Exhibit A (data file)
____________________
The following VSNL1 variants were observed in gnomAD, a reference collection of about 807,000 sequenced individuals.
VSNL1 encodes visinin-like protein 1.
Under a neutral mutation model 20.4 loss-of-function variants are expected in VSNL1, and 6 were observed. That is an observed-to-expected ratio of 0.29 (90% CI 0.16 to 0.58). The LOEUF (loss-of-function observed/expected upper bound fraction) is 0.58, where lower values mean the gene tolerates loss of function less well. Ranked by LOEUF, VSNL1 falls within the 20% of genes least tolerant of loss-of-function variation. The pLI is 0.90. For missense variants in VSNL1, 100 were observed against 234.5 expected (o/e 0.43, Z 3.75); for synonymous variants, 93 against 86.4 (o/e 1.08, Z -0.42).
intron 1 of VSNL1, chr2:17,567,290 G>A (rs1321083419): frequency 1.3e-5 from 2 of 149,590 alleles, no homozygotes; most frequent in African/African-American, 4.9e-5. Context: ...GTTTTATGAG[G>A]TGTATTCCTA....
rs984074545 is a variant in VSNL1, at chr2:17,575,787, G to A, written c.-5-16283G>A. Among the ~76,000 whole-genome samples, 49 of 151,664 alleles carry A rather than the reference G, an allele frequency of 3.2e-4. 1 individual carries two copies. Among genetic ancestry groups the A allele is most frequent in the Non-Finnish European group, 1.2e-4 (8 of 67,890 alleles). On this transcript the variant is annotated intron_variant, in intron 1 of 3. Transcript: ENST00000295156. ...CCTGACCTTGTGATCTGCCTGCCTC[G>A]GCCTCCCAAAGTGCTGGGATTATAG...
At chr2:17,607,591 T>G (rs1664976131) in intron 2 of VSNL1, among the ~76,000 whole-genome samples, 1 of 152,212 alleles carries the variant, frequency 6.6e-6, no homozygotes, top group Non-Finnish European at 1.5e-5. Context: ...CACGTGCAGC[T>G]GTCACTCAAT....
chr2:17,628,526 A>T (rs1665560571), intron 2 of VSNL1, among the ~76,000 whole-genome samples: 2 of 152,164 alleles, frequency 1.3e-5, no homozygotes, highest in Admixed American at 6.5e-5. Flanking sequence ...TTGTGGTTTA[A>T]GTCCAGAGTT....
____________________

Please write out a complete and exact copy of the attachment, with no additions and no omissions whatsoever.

The following VSNL1 variants were observed in gnomAD, a reference collection of about 807,000 sequenced individuals.
VSNL1 encodes visinin-like protein 1.
Under a neutral mutation model 20.4 loss-of-function variants are expected in VSNL1, and 6 were observed. That is an observed-to-expected ratio of 0.29 (90% CI 0.16 to 0.58). The LOEUF (loss-of-function observed/expected upper bound fraction) is 0.58, where lower values mean the gene tolerates loss of function less well. Ranked by LOEUF, VSNL1 falls within the 20% of genes least tolerant of loss-of-function variation. The pLI is 0.90. For missense variants in VSNL1, 100 were observed against 234.5 expected (o/e 0.43, Z 3.75); for synonymous variants, 93 against 86.4 (o/e 1.08, Z -0.42).
intron 1 of VSNL1, chr2:17,567,290 G>A (rs1321083419): frequency 1.3e-5 from 2 of 149,590 alleles, no homozygotes; most frequent in African/African-American, 4.9e-5. Context: ...GTTTTATGAG[G>A]TGTATTCCTA....
rs984074545 is a variant in VSNL1, at chr2:17,575,787, G to A, written c.-5-16283G>A. Among the ~76,000 whole-genome samples, 49 of 151,664 alleles carry A rather than the reference G, an allele frequency of 3.2e-4. 1 individual carries two copies. Among genetic ancestry groups the A allele is most frequent in the Non-Finnish European group, 1.2e-4 (8 of 67,890 alleles). On this transcript the variant is annotated intron_variant, in intron 1 of 3. Transcript: ENST00000295156. ...CCTGACCTTGTGATCTGCCTGCCTC[G>A]GCCTCCCAAAGTGCTGGGATTATAG...
At chr2:17,607,591 T>G (rs1664976131) in intron 2 of VSNL1, among the ~76,000 whole-genome samples, 1 of 152,212 alleles carries the variant, frequency 6.6e-6, no homozygotes, top group Non-Finnish European at 1.5e-5. Context: ...CACGTGCAGC[T>G]GTCACTCAAT....
chr2:17,628,526 A>T (rs1665560571), intron 2 of VSNL1, among the ~76,000 whole-genome samples: 2 of 152,164 alleles, frequency 1.3e-5, no homozygotes, highest in Admixed American at 6.5e-5. Flanking sequence ...TTGTGGTTTA[A>T]GTCCAGAGTT....